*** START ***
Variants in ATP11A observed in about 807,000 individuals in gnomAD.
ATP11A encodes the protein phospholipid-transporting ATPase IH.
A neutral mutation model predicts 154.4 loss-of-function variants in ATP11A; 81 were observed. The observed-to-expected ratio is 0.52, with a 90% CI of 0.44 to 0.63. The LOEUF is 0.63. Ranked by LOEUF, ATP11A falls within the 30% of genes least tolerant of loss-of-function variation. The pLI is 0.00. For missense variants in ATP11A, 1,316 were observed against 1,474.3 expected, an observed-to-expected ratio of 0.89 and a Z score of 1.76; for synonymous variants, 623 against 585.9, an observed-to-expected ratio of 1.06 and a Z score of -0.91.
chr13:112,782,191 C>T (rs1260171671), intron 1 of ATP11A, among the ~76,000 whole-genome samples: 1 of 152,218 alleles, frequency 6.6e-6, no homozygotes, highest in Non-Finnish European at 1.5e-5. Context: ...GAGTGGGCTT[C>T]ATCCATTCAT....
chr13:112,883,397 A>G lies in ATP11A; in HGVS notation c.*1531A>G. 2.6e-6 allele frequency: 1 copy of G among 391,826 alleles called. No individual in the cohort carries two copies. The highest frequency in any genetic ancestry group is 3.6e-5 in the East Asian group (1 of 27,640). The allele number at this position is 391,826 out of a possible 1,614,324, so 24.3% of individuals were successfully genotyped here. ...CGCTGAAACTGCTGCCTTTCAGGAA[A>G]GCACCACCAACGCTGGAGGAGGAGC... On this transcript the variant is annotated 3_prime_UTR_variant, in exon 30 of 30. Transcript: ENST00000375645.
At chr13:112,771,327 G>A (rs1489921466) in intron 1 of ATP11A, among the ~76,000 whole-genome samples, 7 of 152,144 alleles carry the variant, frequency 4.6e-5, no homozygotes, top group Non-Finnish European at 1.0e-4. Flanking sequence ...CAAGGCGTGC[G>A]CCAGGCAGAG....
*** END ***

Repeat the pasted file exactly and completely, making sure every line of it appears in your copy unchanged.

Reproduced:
Variants in ATP11A observed in about 807,000 individuals in gnomAD.
ATP11A encodes the protein phospholipid-transporting ATPase IH.
A neutral mutation model predicts 154.4 loss-of-function variants in ATP11A; 81 were observed. The observed-to-expected ratio is 0.52, with a 90% CI of 0.44 to 0.63. The LOEUF is 0.63. Ranked by LOEUF, ATP11A falls within the 30% of genes least tolerant of loss-of-function variation. The pLI is 0.00. For missense variants in ATP11A, 1,316 were observed against 1,474.3 expected, an observed-to-expected ratio of 0.89 and a Z score of 1.76; for synonymous variants, 623 against 585.9, an observed-to-expected ratio of 1.06 and a Z score of -0.91.
chr13:112,782,191 C>T (rs1260171671), intron 1 of ATP11A, among the ~76,000 whole-genome samples: 1 of 152,218 alleles, frequency 6.6e-6, no homozygotes, highest in Non-Finnish European at 1.5e-5. Context: ...GAGTGGGCTT[C>T]ATCCATTCAT....
chr13:112,883,397 A>G lies in ATP11A; in HGVS notation c.*1531A>G. 2.6e-6 allele frequency: 1 copy of G among 391,826 alleles called. No individual in the cohort carries two copies. The highest frequency in any genetic ancestry group is 3.6e-5 in the East Asian group (1 of 27,640). The allele number at this position is 391,826 out of a possible 1,614,324, so 24.3% of individuals were successfully genotyped here. ...CGCTGAAACTGCTGCCTTTCAGGAA[A>G]GCACCACCAACGCTGGAGGAGGAGC... On this transcript the variant is annotated 3_prime_UTR_variant, in exon 30 of 30. Transcript: ENST00000375645.
At chr13:112,771,327 G>A (rs1489921466) in intron 1 of ATP11A, among the ~76,000 whole-genome samples, 7 of 152,144 alleles carry the variant, frequency 4.6e-5, no homozygotes, top group Non-Finnish European at 1.0e-4. Flanking sequence ...CAAGGCGTGC[G>A]CCAGGCAGAG....